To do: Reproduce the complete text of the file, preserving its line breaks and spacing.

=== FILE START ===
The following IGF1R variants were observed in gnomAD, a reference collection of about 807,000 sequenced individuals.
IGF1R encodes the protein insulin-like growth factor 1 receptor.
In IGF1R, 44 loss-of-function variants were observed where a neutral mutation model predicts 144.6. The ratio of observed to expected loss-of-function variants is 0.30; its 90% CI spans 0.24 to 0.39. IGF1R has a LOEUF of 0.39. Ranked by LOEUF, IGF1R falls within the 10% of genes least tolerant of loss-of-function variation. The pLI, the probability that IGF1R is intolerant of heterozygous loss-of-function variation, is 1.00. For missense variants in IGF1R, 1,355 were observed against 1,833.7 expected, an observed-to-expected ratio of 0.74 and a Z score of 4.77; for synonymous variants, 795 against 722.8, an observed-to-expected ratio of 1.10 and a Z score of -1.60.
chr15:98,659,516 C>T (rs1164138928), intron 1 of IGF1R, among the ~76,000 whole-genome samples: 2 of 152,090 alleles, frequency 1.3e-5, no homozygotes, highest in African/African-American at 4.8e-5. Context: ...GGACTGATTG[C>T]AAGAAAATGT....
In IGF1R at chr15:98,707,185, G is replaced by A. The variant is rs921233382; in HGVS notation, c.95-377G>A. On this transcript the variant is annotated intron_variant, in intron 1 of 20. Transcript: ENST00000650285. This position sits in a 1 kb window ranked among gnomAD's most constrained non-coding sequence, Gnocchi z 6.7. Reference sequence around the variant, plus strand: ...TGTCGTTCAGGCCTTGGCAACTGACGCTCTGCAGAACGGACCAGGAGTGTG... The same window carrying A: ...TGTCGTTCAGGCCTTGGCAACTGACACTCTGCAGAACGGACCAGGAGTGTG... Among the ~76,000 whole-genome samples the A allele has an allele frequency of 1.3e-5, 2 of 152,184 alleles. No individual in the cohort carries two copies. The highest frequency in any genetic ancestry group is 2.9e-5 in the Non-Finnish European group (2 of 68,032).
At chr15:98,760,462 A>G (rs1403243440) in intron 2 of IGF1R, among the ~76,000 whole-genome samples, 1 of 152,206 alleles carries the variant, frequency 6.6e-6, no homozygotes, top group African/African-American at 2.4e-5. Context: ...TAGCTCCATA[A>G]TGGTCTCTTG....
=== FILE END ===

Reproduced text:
The following IGF1R variants were observed in gnomAD, a reference collection of about 807,000 sequenced individuals.
IGF1R encodes the protein insulin-like growth factor 1 receptor.
In IGF1R, 44 loss-of-function variants were observed where a neutral mutation model predicts 144.6. The ratio of observed to expected loss-of-function variants is 0.30; its 90% CI spans 0.24 to 0.39. IGF1R has a LOEUF of 0.39. Ranked by LOEUF, IGF1R falls within the 10% of genes least tolerant of loss-of-function variation. The pLI, the probability that IGF1R is intolerant of heterozygous loss-of-function variation, is 1.00. For missense variants in IGF1R, 1,355 were observed against 1,833.7 expected, an observed-to-expected ratio of 0.74 and a Z score of 4.77; for synonymous variants, 795 against 722.8, an observed-to-expected ratio of 1.10 and a Z score of -1.60.
chr15:98,659,516 C>T (rs1164138928), intron 1 of IGF1R, among the ~76,000 whole-genome samples: 2 of 152,090 alleles, frequency 1.3e-5, no homozygotes, highest in African/African-American at 4.8e-5. Context: ...GGACTGATTG[C>T]AAGAAAATGT....
In IGF1R at chr15:98,707,185, G is replaced by A. The variant is rs921233382; in HGVS notation, c.95-377G>A. On this transcript the variant is annotated intron_variant, in intron 1 of 20. Transcript: ENST00000650285. This position sits in a 1 kb window ranked among gnomAD's most constrained non-coding sequence, Gnocchi z 6.7. Reference sequence around the variant, plus strand: ...TGTCGTTCAGGCCTTGGCAACTGACGCTCTGCAGAACGGACCAGGAGTGTG... The same window carrying A: ...TGTCGTTCAGGCCTTGGCAACTGACACTCTGCAGAACGGACCAGGAGTGTG... Among the ~76,000 whole-genome samples the A allele has an allele frequency of 1.3e-5, 2 of 152,184 alleles. No individual in the cohort carries two copies. The highest frequency in any genetic ancestry group is 2.9e-5 in the Non-Finnish European group (2 of 68,032).
At chr15:98,760,462 A>G (rs1403243440) in intron 2 of IGF1R, among the ~76,000 whole-genome samples, 1 of 152,206 alleles carries the variant, frequency 6.6e-6, no homozygotes, top group African/African-American at 2.4e-5. Context: ...TAGCTCCATA[A>G]TGGTCTCTTG....